Texas Democratic lawmakers abruptly blocked a restrictive voting bill in a dramatic move Sunday night, flocking out of the chamber before midnight to send the legislation to the state governor.
The dramatic move was at least a short-term victory over the GOP-backed Senate Bill 7, which Democrats and voting rights advocates have likened to Jim Crow laws that largely prohibited black Americans from voting. in the 20th century. The measure would include new restrictions on postal voting, empower political party observers, and ban drive-thru voting and 24-hour polling stations, both of which were used successfully during the COVID-19 pandemic, between other provisions.
The bill would also make it easier to cancel an election.
Gov. Greg Abbott (R) said that despite the blocking decision, the bill remained an element of ‘inescapable urgency’ in his mind and would be added to the agenda of a special session alongside a bail reform bill later this year.
“It is deeply disappointing and concerning to Texans that neither is reaching my office,” Abbott said in a statement Monday morning. “Ensuring the integrity of our elections and reforming a broken bail system remain urgent matters in Texas. ”
He didn’t give a date for the session, but the New York Times notes it could start as early as June 1.
The bill, if ultimately passed, is expected to become one of the most restrictive election laws in the country and is part of Republicans’ continued efforts to rewrite the country’s laws following the defeat of former President Donald Trump in the 2020 election. Trump and his allies have continued to broadcast unsubstantiated allegations of voter fraud in their attempt to make voting much more difficult, unveiling laws that would largely penalize low-income Americans and communities of color.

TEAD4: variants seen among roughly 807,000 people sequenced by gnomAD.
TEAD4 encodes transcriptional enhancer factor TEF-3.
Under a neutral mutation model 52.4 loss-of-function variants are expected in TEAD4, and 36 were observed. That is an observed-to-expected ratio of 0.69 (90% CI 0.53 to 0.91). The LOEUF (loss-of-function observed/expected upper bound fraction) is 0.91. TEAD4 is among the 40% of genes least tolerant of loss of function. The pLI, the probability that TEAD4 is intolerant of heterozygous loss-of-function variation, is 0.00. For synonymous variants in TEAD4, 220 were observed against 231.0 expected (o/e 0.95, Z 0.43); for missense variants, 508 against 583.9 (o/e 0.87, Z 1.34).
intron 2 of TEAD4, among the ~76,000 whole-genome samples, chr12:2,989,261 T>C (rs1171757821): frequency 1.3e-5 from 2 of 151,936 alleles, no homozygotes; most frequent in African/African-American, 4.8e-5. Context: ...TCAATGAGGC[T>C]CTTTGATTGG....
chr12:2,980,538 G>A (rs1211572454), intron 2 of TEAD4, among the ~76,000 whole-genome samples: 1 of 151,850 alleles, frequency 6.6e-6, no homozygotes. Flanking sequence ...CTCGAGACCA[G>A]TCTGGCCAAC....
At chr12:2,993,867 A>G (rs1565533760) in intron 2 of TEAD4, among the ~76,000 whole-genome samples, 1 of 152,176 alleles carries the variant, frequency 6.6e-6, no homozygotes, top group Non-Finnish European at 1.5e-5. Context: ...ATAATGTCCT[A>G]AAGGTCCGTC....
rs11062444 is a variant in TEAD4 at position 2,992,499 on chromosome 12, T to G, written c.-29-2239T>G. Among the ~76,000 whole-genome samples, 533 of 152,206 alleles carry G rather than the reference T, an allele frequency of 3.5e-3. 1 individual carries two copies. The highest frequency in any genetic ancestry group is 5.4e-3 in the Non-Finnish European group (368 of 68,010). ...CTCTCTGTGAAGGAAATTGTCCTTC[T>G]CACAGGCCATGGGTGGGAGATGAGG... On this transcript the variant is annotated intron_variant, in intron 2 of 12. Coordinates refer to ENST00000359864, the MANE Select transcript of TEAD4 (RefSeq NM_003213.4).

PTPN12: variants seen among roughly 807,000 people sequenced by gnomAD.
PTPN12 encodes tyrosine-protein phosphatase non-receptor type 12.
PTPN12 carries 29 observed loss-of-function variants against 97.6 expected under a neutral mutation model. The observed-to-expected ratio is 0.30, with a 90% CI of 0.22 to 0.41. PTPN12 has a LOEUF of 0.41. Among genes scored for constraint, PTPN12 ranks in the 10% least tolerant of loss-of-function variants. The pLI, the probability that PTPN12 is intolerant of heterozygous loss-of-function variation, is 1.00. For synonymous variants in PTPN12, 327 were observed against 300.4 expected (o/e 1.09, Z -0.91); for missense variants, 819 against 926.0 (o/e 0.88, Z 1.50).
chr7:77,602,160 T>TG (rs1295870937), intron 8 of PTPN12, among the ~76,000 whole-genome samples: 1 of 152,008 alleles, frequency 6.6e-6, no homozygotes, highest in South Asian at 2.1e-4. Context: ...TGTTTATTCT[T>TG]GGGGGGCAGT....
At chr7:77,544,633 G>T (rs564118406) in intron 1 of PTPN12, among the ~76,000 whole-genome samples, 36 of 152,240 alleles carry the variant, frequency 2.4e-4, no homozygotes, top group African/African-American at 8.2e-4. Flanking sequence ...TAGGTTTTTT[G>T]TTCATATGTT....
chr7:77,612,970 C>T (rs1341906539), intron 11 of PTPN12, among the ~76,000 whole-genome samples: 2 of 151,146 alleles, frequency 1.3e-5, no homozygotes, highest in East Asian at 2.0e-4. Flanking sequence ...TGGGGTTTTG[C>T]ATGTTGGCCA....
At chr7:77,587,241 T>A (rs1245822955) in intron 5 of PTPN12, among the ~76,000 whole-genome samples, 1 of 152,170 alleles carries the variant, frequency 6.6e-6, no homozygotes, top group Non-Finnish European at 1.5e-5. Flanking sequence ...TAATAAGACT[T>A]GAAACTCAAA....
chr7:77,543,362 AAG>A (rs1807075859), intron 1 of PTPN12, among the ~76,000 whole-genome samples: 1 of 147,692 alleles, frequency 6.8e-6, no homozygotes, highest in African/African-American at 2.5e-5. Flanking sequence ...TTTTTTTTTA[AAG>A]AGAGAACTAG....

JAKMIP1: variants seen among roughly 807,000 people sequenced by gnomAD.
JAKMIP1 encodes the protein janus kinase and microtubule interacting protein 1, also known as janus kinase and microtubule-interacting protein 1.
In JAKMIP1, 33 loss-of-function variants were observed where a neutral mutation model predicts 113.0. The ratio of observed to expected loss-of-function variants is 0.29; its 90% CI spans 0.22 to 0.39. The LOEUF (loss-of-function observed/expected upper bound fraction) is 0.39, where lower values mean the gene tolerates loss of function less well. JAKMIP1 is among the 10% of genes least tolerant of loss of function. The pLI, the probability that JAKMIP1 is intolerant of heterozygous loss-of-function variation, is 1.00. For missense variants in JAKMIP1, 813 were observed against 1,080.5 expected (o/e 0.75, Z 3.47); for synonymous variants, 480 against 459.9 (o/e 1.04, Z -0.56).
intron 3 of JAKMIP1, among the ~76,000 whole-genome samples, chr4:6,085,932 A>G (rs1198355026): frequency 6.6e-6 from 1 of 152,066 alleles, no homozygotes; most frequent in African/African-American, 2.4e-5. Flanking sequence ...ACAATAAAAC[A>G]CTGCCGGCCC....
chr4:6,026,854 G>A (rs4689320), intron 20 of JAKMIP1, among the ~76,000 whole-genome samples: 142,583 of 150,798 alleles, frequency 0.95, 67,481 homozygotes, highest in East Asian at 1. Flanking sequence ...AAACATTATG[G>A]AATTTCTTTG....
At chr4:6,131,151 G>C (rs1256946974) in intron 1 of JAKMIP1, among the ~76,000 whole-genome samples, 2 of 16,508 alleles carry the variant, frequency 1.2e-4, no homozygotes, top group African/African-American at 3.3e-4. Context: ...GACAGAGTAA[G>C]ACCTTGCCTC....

The Democratic walkout was hosted by State Representative Chris Turner (R), who wrote to members of his caucus to quietly leave the chamber around 10:35 p.m. local time.
“Don’t go to the gallery,” Turner wrote, “leave the building.”
The mass exodus caused the chamber to miss the quorum of 100 required to continue by 14 votes.
“It became clear that the Republicans were going to interrupt the debate to pass their suppression legislation,” Turner told The Times shortly after midnight. “At this point, we had no choice but to take extraordinary measures to protect our voters and their right to vote. “
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